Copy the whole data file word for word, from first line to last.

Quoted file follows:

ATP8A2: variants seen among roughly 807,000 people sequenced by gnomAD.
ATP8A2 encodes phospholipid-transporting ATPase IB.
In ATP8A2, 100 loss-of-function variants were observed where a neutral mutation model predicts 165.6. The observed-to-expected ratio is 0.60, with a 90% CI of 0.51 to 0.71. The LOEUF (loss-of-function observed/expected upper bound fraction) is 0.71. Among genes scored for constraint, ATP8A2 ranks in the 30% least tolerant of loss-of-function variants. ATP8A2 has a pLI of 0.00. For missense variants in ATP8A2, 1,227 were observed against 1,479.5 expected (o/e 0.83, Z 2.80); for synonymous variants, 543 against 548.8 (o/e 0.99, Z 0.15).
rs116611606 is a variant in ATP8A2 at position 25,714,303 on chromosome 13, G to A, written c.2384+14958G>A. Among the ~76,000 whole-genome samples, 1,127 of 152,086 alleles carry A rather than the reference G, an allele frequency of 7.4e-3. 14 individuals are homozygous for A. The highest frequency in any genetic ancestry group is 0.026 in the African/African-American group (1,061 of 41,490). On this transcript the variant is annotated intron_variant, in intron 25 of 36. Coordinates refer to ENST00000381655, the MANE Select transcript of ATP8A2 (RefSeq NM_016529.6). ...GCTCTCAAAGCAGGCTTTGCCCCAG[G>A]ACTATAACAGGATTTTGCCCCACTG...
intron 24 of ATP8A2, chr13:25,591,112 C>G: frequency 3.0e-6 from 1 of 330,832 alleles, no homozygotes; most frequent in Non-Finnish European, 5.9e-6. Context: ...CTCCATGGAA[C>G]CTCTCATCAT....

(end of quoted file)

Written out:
ATP8A2: variants seen among roughly 807,000 people sequenced by gnomAD.
ATP8A2 encodes phospholipid-transporting ATPase IB.
In ATP8A2, 100 loss-of-function variants were observed where a neutral mutation model predicts 165.6. The observed-to-expected ratio is 0.60, with a 90% CI of 0.51 to 0.71. The LOEUF (loss-of-function observed/expected upper bound fraction) is 0.71. Among genes scored for constraint, ATP8A2 ranks in the 30% least tolerant of loss-of-function variants. ATP8A2 has a pLI of 0.00. For missense variants in ATP8A2, 1,227 were observed against 1,479.5 expected (o/e 0.83, Z 2.80); for synonymous variants, 543 against 548.8 (o/e 0.99, Z 0.15).
rs116611606 is a variant in ATP8A2 at position 25,714,303 on chromosome 13, G to A, written c.2384+14958G>A. Among the ~76,000 whole-genome samples, 1,127 of 152,086 alleles carry A rather than the reference G, an allele frequency of 7.4e-3. 14 individuals are homozygous for A. The highest frequency in any genetic ancestry group is 0.026 in the African/African-American group (1,061 of 41,490). On this transcript the variant is annotated intron_variant, in intron 25 of 36. Coordinates refer to ENST00000381655, the MANE Select transcript of ATP8A2 (RefSeq NM_016529.6). ...GCTCTCAAAGCAGGCTTTGCCCCAG[G>A]ACTATAACAGGATTTTGCCCCACTG...
intron 24 of ATP8A2, chr13:25,591,112 C>G: frequency 3.0e-6 from 1 of 330,832 alleles, no homozygotes; most frequent in Non-Finnish European, 5.9e-6. Context: ...CTCCATGGAA[C>G]CTCTCATCAT....